But because black holes are so weird from the perspective of our work-a-day lives (invoking all sorts of multi-dimensional math and relativistic time and space dilations), and because people like Neil deGrasse Tyson like to wax on about "spaghettification" and space travelers being molecularly shredded by black holes, there is a certain danger-ridden sexiness to the things. So it's no surprise that when astronomers find a particularly big black hole, they get pretty excited.
There are three main types of black holes: stellar back holes, which form when big stars explode and then collapse at the end of their lives, intermediate-mass black holes, which are many hundreds of solar masses in size and are surprisingly hard to spot and whose origins are something of a mystery, and supermassive black holes, which are millions or even billions of times more massive than a typical star. The supermassives live at the centers of most galaxies and have been around since very close to the beginning of the universe.
All of which is to say, astronomers have announced that they have discovered the largest stellar-mass black hole ever (the biggest black hole of the smallest type of black hole -- theories about microscopic primordial black holes notwithstanding). This bruiser is between 24 and 33 times the mass of our sun and resides in a nearby dwarf galaxy called IC 10 (about 2 million LY away).
The Bad Astronomer writes...
...astronomers were surprised to find the black hole was at least 24 solar masses. As far as we know, black holes in our own Galaxy are formed with much lower mass than that, and it doesn’t look like this one could have eaten enough of the other star to get this big. It really looks like it was this massive to start with.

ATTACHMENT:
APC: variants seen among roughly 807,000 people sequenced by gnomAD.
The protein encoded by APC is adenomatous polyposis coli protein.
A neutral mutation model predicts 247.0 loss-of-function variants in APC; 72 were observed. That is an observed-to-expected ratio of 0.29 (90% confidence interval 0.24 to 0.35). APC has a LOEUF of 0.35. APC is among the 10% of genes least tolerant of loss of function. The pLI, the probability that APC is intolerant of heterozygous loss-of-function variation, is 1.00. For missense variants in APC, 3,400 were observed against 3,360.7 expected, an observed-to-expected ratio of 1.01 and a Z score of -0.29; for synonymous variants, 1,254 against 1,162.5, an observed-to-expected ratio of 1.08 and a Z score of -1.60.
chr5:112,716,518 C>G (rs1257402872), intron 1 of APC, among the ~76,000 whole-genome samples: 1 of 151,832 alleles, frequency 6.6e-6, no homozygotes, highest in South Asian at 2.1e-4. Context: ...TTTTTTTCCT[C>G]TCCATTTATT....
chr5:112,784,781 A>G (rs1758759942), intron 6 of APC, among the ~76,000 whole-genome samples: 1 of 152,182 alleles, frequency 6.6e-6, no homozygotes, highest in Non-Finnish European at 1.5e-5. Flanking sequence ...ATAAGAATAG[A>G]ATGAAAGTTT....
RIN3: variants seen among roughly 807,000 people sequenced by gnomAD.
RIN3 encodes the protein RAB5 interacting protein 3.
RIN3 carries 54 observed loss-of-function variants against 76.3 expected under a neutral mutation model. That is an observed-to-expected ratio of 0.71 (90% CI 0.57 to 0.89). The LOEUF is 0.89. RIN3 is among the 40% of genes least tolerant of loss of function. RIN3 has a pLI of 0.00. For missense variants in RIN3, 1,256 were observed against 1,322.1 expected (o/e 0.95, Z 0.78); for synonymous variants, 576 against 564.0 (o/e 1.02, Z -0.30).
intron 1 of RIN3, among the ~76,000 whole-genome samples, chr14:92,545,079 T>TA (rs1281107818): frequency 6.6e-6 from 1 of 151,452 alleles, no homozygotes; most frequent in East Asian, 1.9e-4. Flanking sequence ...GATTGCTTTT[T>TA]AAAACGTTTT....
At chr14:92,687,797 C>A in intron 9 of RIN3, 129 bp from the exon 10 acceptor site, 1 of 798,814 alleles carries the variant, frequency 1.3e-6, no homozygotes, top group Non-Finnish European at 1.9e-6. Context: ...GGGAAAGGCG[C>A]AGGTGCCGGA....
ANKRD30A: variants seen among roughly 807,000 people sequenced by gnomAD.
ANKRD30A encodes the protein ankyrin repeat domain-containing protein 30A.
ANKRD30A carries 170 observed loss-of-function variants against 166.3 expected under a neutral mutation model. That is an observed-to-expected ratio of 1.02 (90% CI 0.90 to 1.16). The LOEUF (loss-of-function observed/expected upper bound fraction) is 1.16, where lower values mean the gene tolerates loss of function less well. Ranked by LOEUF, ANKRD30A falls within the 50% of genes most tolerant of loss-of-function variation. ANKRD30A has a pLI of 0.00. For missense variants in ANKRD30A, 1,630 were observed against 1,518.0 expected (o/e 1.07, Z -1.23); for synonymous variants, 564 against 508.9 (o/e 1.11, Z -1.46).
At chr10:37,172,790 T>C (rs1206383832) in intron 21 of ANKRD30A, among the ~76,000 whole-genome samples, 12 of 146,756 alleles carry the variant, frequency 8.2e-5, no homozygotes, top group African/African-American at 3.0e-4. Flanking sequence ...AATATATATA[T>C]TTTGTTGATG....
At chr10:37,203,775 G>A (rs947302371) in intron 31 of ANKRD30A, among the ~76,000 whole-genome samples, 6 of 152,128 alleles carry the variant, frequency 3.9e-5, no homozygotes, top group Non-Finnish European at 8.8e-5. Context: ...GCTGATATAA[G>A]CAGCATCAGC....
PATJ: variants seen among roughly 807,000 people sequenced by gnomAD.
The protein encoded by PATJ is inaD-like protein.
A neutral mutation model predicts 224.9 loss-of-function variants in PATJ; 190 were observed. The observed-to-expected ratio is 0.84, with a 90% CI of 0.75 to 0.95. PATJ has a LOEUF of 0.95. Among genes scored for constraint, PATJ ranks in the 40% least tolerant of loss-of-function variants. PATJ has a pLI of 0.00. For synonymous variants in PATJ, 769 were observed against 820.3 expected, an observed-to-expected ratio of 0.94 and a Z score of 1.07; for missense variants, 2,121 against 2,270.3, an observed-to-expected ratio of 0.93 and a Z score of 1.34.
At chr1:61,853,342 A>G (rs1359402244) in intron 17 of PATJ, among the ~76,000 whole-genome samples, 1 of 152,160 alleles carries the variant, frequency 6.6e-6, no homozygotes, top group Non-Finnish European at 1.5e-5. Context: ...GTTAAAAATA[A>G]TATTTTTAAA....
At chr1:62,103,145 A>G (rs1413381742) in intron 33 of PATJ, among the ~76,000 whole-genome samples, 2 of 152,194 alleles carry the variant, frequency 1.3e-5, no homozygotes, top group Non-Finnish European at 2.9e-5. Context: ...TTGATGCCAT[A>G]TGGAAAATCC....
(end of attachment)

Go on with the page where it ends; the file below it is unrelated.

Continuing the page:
This means that something odd is going on. A likely explanation is that the star that formed the black hole originally had fewer heavy elements (heavier than helium, that is, like carbon and manganese) than usual, so it would have had a weak solar wind. During its life, a star can lose a lot of mass through its solar wind. If this star didn’t have a strong wind, then it could have retained a lot of its original mass, forming a more massive black hole.
Wednesday, August 22 2007 @ 10:30 AM
Google has unveiled their latest attempt to solidify their status as our benevolent information overlords. They are including detailed night sky views with their free Google Earth software. Like the satellite images of the Earth, the sky shots will all be from actual sky survey photographs and will be zommable to increase the level of detail. Tres cool. NYTimes...